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J Fungi (Basel) ; 8(2)2022 Jan 19.
Article in English | MEDLINE | ID: covidwho-1625008


BACKGROUND: Critically ill COVID-19 patients have proven to be at risk for developing invasive fungal infections. However, the incidence and impact of possible/probable COVID-19-associated pulmonary aspergillosis (CAPA) in severe COVID-19 patients varies between cohorts. We aimed to assess the incidence, risk factors, and clinical outcome of invasive pulmonary aspergillosis in a regional cohort of COVID-19 intensive care patients. METHODS: We performed a regional, multicentre, retrospective cohort study in the intensive care units (ICUs) in North Brabant, The Netherlands. We included adult patients with rt-PCR-confirmed SARS-CoV-2 infection (COVID-19), requiring mechanical ventilation for acute respiratory distress syndrome. Demographics, clinical course, biomarker value, and treatment outcomes were compared between the groups with possible/probable CAPA from the main study centre and the regional centres, and without signs of CAPA from the main study centre as controls. The primary aim was to assess the regional impact of possible/probable CAPA in COVID-19 ICU patients, measured as all-cause mortality at 30 days after ICU admission. Secondary outcomes were risk factors for developing CAPA, based on underlying host factors and to identify the value of the mycological arguments for the diagnosing of CAPA. RESULTS: Between 1 March and 30 April 2020, we included 123 patients with severe COVID-19: 29 patients (30.9%) in the main ICU with possible/probable CAPA, and 65 (69.1%) with no signs of CAPA; 29 patients in the regional ICUs with signs of CAPA. Patients' characteristics and risk factors did not differ for CAPA and non-CAPA patients. Patients with COPD and/or chronic steroid medication developed CAPA more frequently, although this was not statistically significant. CAPA patients were admitted to the ICU earlier, had lower PF-ratios, and more often required renal replacement therapy. All-cause 30-day mortality was significantly higher in mechanically ventilated COVID-19 patients with possible/probable CAPA 39.7% (23/58) compared to patients without evidence for CAPA 16.9% (11/65) (OR 3.2 [95% CI 1.4-7.4] p = 0.005). CONCLUSION: The high incidence of possible and probable CAPA in critically ill COVID-19 patients is alarming. The increase in 30-day mortality in CAPA highlights the need for active surveillance and management strategies in critically ill COVID-19 patients.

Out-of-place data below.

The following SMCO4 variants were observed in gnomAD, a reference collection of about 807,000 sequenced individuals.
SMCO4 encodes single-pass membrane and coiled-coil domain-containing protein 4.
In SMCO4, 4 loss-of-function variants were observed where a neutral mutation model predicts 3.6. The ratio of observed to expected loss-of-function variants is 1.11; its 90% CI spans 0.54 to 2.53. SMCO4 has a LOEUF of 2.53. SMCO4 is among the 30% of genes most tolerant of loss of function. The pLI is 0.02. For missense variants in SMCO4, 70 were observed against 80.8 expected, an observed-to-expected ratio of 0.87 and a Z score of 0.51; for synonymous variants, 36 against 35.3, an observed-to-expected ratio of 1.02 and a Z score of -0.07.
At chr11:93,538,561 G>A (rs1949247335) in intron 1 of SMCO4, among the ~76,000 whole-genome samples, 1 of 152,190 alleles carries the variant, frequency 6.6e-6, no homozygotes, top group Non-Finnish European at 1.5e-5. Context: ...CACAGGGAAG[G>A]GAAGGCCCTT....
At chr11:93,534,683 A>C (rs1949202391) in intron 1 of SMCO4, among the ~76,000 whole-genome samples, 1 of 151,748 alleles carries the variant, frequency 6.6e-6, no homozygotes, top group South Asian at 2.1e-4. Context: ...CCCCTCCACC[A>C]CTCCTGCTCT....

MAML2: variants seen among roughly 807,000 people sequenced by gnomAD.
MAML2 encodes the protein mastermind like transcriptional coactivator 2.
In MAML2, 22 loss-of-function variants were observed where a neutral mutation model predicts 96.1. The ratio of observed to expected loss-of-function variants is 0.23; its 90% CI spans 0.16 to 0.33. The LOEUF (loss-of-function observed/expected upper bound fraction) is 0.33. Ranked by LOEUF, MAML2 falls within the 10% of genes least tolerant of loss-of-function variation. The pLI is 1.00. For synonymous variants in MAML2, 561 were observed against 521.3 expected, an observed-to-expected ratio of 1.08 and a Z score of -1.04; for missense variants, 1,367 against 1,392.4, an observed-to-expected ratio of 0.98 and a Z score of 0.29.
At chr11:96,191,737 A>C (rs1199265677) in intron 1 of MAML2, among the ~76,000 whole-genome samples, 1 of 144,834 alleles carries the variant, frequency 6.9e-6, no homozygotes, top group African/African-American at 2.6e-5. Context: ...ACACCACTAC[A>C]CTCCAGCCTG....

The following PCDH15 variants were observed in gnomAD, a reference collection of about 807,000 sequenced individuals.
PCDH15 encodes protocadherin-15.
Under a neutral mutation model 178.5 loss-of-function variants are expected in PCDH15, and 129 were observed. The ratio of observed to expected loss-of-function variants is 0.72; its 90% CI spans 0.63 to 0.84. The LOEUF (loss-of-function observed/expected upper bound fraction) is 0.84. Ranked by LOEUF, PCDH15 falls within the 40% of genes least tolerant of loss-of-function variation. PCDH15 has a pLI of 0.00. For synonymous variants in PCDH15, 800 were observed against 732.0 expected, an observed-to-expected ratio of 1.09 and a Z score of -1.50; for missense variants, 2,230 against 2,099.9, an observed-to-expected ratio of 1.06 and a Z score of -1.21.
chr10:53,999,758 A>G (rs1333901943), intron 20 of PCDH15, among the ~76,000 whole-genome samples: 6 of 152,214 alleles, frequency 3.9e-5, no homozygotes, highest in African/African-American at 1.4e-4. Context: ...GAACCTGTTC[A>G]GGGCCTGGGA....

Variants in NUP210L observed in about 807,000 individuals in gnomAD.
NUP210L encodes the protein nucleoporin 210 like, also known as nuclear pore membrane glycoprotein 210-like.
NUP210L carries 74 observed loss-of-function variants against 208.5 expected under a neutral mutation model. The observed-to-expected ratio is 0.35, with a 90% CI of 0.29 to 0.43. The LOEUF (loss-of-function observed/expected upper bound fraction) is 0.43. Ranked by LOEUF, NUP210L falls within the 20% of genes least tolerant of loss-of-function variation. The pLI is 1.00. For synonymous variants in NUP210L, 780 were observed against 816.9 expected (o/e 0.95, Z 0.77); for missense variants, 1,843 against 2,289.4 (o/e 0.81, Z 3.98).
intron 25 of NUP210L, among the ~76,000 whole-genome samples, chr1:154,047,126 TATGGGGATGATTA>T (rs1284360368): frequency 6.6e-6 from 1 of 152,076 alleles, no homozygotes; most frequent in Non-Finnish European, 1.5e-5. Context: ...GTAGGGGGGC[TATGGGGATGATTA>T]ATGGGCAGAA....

Euro Surveill ; 26(23)2021 06.
Article in English | MEDLINE | ID: covidwho-1266639


We describe four secondary fungal infections caused by Mucorales species in COVID-19 patients. Three COVID-19 associated mucormycosis (CAM) occurred in ICU, one outside ICU. All were men aged > 50 years, three died. Clinical presentations included pulmonary, rhino-orbital cerebral and disseminated infection. Infections occurred in patients with and without diabetes mellitus. CAM is an emerging disease and our observations underscore the need to be aware of invasive mucormycosis, including in COVID-19 patients without (poorly controlled) diabetes mellitus and outside ICU.

COVID-19 , Mucorales , Mucormycosis , Female , Humans , Male , Mucormycosis/diagnosis , Netherlands/epidemiology , SARS-CoV-2